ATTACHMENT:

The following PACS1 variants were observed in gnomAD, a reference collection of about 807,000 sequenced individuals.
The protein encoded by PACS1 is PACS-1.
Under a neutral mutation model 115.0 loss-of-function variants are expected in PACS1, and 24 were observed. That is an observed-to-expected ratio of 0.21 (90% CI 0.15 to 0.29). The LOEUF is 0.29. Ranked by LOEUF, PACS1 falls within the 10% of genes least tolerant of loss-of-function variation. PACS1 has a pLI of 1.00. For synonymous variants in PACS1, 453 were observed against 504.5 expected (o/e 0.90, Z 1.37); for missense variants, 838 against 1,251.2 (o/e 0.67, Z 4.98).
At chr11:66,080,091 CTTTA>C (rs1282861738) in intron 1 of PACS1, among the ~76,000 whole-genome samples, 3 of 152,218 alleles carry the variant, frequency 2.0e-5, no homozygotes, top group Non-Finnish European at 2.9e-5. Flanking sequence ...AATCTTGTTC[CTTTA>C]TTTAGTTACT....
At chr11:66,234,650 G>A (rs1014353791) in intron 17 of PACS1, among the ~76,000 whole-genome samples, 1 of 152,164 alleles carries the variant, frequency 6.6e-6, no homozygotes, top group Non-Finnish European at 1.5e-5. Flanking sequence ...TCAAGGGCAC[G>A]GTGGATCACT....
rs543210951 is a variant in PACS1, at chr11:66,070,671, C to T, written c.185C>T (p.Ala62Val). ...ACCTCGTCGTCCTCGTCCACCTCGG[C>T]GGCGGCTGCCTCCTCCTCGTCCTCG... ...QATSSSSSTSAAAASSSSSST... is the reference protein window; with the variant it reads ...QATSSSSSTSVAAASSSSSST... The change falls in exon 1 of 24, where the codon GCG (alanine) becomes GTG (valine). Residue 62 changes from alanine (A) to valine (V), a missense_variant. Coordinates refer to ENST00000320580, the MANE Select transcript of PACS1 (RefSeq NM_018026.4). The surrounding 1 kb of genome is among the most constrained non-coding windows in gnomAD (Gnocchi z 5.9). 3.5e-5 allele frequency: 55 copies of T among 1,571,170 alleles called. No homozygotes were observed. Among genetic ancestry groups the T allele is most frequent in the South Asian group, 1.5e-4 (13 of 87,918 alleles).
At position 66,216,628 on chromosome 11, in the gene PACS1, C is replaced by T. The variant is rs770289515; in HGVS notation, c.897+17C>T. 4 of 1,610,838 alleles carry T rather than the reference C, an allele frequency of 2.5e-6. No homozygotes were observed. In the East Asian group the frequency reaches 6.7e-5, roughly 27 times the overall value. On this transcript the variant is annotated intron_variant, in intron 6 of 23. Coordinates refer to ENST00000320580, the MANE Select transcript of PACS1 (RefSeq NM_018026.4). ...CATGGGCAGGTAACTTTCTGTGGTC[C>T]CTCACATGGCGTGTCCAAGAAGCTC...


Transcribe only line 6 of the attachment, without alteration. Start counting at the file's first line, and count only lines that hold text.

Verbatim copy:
rs543210951 is a variant in PACS1, at chr11:66,070,671, C to T, written c.185C>T (p.Ala62Val). ...ACCTCGTCGTCCTCGTCCACCTCGG[C>T]GGCGGCTGCCTCCTCCTCGTCCTCG... ...QATSSSSSTSAAAASSSSSST... is the reference protein window; with the variant it reads ...QATSSSSSTSVAAASSSSSST... The change falls in exon 1 of 24, where the codon GCG (alanine) becomes GTG (valine). Residue 62 changes from alanine (A) to valine (V), a missense_variant. Coordinates refer to ENST00000320580, the MANE Select transcript of PACS1 (RefSeq NM_018026.4). The surrounding 1 kb of genome is among the most constrained non-coding windows in gnomAD (Gnocchi z 5.9). 3.5e-5 allele frequency: 55 copies of T among 1,571,170 alleles called. No homozygotes were observed. Among genetic ancestry groups the T allele is most frequent in the South Asian group, 1.5e-4 (13 of 87,918 alleles).